Title reference in memory of Roger Ebert and his book, I Hated, Hated, Hated This Movie.
Why the skylight hate? Because I’ve rarely seen one that isn’t either causing a problem or in the process of causing one. They fall squarely into a group with recessed lights and cathedral ceilings: Homeowners love them and energy pros come to loathe them. They lead to uncomfortable conversations that can be summarized as, yes, they’re a problem, no, they can’t be easily fixed.
Why I Hate, Hate, Hate Skylights
The Problem – Think of skylights as windows installed at an angle. And as energy folks are fond of saying, windows make lousy walls. The problems are multiple. First, the R-value of even the best skylight is a fraction of the roof’s R-value which someone punched a hole through.
Skylights are also very difficult to improve. If installed through an insulated ceiling slope, you have a rectangular hole in the insulation to which there is no access. If installed through an attic flat, you’ll have a very difficult to access rectangular tube rising up through the roof deck. And it had better be well insulated as it is essentially outdoors.
Skylights are often installed in bathrooms…another nightmare scenario. The appeal is understandable. Much of a bathroom’s solid surfaces are already spoken for with cabinets, tiles, toilets, towel racks, etc. Nowhere to add a window and some natural light. Besides who would honestly want a window in your bathroom? Instead designers add natural light by cutting a giant hole through the thermal envelope in an ultra-high humidity environment.
On an even somewhat cold day, the skylight interior will dip below the dew point, condensing all that 100% relative humidity shower steam. Lots of condensation plus lots of cracks equals incipient moisture problems.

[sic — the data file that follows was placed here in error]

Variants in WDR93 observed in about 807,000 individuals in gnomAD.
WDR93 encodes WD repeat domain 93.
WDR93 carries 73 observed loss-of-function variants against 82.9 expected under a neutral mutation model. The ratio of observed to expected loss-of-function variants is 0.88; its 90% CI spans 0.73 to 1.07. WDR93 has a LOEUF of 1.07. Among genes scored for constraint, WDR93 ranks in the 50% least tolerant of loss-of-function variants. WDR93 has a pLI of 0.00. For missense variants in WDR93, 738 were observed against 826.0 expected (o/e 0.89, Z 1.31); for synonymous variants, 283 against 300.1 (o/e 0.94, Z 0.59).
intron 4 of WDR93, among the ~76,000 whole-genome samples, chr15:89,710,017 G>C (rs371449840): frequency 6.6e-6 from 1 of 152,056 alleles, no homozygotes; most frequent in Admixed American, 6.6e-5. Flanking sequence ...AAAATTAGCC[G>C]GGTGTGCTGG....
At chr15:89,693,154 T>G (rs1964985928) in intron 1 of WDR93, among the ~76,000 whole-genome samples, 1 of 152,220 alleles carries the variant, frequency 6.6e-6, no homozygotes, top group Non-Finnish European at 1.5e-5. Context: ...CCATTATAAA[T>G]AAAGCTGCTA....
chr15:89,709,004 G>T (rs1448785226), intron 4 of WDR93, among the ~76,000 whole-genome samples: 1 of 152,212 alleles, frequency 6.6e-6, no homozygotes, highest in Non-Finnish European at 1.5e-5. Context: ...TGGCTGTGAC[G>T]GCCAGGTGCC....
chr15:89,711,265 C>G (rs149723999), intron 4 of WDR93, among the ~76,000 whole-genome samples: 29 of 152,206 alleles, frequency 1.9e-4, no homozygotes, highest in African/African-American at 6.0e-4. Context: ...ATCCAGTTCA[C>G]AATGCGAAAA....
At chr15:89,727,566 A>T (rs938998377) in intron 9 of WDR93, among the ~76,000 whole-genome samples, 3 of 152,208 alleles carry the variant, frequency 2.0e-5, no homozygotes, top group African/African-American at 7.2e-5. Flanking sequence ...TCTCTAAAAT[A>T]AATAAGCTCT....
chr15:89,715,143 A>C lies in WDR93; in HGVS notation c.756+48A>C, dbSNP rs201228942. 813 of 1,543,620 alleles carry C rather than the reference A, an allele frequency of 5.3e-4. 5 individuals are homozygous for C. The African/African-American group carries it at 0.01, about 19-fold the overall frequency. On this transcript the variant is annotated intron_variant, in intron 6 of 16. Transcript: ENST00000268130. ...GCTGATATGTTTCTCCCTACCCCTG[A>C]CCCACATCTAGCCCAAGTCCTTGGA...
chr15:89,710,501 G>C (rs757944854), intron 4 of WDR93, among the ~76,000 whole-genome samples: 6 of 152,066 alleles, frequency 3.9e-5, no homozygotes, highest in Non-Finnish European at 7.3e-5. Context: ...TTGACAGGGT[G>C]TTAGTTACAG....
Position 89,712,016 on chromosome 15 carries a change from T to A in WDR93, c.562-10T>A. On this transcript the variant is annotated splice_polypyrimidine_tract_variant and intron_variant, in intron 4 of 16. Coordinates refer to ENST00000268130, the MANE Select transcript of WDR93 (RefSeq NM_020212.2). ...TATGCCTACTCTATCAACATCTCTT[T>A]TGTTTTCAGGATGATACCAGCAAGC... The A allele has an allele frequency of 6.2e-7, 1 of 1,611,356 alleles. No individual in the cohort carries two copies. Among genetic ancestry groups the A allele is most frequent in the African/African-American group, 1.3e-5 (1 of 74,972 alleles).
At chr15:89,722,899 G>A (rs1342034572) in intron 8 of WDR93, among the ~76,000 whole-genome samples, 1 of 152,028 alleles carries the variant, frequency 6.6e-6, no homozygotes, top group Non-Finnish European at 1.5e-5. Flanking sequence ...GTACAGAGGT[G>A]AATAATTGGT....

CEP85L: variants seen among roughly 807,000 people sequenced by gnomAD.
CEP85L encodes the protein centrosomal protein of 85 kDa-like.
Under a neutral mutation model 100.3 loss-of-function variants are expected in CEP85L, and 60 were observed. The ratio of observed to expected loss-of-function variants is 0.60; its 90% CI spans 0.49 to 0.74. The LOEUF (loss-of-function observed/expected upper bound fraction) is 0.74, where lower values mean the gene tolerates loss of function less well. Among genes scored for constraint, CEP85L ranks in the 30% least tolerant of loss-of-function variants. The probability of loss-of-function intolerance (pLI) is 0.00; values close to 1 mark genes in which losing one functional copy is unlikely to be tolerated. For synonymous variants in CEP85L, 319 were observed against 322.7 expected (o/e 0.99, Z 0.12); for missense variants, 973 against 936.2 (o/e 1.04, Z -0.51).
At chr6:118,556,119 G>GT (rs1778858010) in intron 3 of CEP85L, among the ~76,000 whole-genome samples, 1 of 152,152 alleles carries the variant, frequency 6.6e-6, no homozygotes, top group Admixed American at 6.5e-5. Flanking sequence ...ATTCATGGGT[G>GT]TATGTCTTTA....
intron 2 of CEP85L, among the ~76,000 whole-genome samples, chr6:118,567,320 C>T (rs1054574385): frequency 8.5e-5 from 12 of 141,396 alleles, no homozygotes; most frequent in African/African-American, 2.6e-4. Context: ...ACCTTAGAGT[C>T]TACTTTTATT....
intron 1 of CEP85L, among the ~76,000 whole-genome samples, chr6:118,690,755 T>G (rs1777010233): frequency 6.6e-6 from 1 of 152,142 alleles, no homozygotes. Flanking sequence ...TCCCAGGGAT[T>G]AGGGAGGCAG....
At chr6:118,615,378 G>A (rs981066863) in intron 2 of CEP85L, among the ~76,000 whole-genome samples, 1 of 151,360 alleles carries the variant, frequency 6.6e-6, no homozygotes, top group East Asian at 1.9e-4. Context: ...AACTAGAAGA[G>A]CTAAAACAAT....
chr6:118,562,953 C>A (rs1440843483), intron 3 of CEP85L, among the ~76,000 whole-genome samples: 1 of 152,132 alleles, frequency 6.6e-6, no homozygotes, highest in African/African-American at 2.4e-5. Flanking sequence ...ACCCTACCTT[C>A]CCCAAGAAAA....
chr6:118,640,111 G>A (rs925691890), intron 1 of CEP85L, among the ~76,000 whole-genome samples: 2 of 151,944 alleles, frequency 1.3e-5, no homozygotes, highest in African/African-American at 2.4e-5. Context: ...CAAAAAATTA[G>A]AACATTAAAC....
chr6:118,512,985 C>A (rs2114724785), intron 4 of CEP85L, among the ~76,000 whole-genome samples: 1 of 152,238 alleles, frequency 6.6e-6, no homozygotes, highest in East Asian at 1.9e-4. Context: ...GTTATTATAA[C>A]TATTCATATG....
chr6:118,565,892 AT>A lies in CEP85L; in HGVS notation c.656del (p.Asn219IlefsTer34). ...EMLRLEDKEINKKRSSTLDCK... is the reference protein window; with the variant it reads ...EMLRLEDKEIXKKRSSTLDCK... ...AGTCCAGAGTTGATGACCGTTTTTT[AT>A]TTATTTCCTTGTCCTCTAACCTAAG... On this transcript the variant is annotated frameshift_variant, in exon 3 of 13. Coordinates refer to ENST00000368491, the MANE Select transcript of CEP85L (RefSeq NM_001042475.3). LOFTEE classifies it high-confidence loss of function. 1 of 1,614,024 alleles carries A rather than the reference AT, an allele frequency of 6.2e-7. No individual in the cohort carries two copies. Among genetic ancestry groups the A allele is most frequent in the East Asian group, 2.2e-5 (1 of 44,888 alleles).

Problems Inside and Out – Skylights cause problems on the exterior as well. Standard ventilation can be a real pain. A well ventilated roof needs clear air flow from the soffit to the roof peak. A skylight would disrupt that flow, stopping the air flow below the bottom edge.
Problem the second: skylights in cold climates substantially warm the surrounding roof deck. Suppose a skylight is installed through an 18” cathedral ceiling with doubled up fiberglass batts. The skylight allows conditioned air right into this hold punched through the insulation. This warm air would be inches from the roof deck, heating the surrounding shingles and melting snow. Big deal, right? Melting snow is good, saves you climbing on the roof and shoveling. Which leads us to problem the third: ice dams.
The skylight allows warm air near the roof deck, melting the snow. With a ventilated roof, the cold vented air is stopped below the skylight. Melted snow? Cold roof deck? That’s the formula for ice dams, some of the worst of which I’ve seen below skylights.
Skylights provide great natural light but at a cost. Ice dams, moisture damage in the surrounding drywall, pleasant sunshine…they’re a real horror show. While the desire for natural lighting is understandable, a solar tube might be a better alternative. Skip the skylight and avoid the hassle.